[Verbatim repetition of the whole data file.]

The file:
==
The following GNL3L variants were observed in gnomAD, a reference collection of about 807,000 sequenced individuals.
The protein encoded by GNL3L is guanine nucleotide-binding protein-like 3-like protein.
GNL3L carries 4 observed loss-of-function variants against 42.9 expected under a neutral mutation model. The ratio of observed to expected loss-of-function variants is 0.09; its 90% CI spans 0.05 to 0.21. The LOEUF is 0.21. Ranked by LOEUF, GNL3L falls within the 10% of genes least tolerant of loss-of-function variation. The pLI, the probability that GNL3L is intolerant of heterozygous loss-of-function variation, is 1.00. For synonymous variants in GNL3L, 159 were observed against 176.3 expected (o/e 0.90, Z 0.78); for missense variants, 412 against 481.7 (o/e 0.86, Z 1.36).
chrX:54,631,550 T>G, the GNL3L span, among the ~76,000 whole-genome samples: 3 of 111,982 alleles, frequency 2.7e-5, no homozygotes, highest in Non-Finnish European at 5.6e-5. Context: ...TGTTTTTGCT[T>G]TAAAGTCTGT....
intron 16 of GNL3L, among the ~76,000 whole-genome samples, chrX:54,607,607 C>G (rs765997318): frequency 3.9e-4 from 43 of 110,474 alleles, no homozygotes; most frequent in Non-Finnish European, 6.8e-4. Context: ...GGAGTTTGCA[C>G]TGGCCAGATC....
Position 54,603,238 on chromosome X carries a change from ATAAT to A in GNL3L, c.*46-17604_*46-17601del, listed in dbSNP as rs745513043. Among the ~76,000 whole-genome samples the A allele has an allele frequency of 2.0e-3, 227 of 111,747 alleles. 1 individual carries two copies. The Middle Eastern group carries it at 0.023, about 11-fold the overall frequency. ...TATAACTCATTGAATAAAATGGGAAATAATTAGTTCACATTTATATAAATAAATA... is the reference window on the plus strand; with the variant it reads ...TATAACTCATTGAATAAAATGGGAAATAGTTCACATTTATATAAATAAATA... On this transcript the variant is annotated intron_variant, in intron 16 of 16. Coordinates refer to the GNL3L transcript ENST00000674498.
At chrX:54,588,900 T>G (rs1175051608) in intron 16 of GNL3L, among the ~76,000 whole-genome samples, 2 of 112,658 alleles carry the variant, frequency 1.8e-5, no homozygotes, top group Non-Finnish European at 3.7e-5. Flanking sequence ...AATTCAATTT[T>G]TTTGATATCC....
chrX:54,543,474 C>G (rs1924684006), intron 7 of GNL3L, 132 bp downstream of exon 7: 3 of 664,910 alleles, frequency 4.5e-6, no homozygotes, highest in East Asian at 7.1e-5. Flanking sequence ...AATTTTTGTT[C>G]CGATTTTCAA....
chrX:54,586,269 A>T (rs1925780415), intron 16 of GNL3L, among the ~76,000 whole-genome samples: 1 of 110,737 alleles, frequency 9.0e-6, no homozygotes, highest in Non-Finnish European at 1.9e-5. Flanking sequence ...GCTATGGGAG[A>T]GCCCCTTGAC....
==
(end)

The following GNL3L variants were observed in gnomAD, a reference collection of about 807,000 sequenced individuals.
The protein encoded by GNL3L is guanine nucleotide-binding protein-like 3-like protein.
GNL3L carries 4 observed loss-of-function variants against 42.9 expected under a neutral mutation model. The ratio of observed to expected loss-of-function variants is 0.09; its 90% CI spans 0.05 to 0.21. The LOEUF is 0.21. Ranked by LOEUF, GNL3L falls within the 10% of genes least tolerant of loss-of-function variation. The pLI, the probability that GNL3L is intolerant of heterozygous loss-of-function variation, is 1.00. For synonymous variants in GNL3L, 159 were observed against 176.3 expected (o/e 0.90, Z 0.78); for missense variants, 412 against 481.7 (o/e 0.86, Z 1.36).
chrX:54,631,550 T>G, the GNL3L span, among the ~76,000 whole-genome samples: 3 of 111,982 alleles, frequency 2.7e-5, no homozygotes, highest in Non-Finnish European at 5.6e-5. Context: ...TGTTTTTGCT[T>G]TAAAGTCTGT....
intron 16 of GNL3L, among the ~76,000 whole-genome samples, chrX:54,607,607 C>G (rs765997318): frequency 3.9e-4 from 43 of 110,474 alleles, no homozygotes; most frequent in Non-Finnish European, 6.8e-4. Context: ...GGAGTTTGCA[C>G]TGGCCAGATC....
Position 54,603,238 on chromosome X carries a change from ATAAT to A in GNL3L, c.*46-17604_*46-17601del, listed in dbSNP as rs745513043. Among the ~76,000 whole-genome samples the A allele has an allele frequency of 2.0e-3, 227 of 111,747 alleles. 1 individual carries two copies. The Middle Eastern group carries it at 0.023, about 11-fold the overall frequency. ...TATAACTCATTGAATAAAATGGGAAATAATTAGTTCACATTTATATAAATAAATA... is the reference window on the plus strand; with the variant it reads ...TATAACTCATTGAATAAAATGGGAAATAGTTCACATTTATATAAATAAATA... On this transcript the variant is annotated intron_variant, in intron 16 of 16. Coordinates refer to the GNL3L transcript ENST00000674498.
At chrX:54,588,900 T>G (rs1175051608) in intron 16 of GNL3L, among the ~76,000 whole-genome samples, 2 of 112,658 alleles carry the variant, frequency 1.8e-5, no homozygotes, top group Non-Finnish European at 3.7e-5. Flanking sequence ...AATTCAATTT[T>G]TTTGATATCC....
chrX:54,543,474 C>G (rs1924684006), intron 7 of GNL3L, 132 bp downstream of exon 7: 3 of 664,910 alleles, frequency 4.5e-6, no homozygotes, highest in East Asian at 7.1e-5. Flanking sequence ...AATTTTTGTT[C>G]CGATTTTCAA....
chrX:54,586,269 A>T (rs1925780415), intron 16 of GNL3L, among the ~76,000 whole-genome samples: 1 of 110,737 alleles, frequency 9.0e-6, no homozygotes, highest in Non-Finnish European at 1.9e-5. Flanking sequence ...GCTATGGGAG[A>T]GCCCCTTGAC....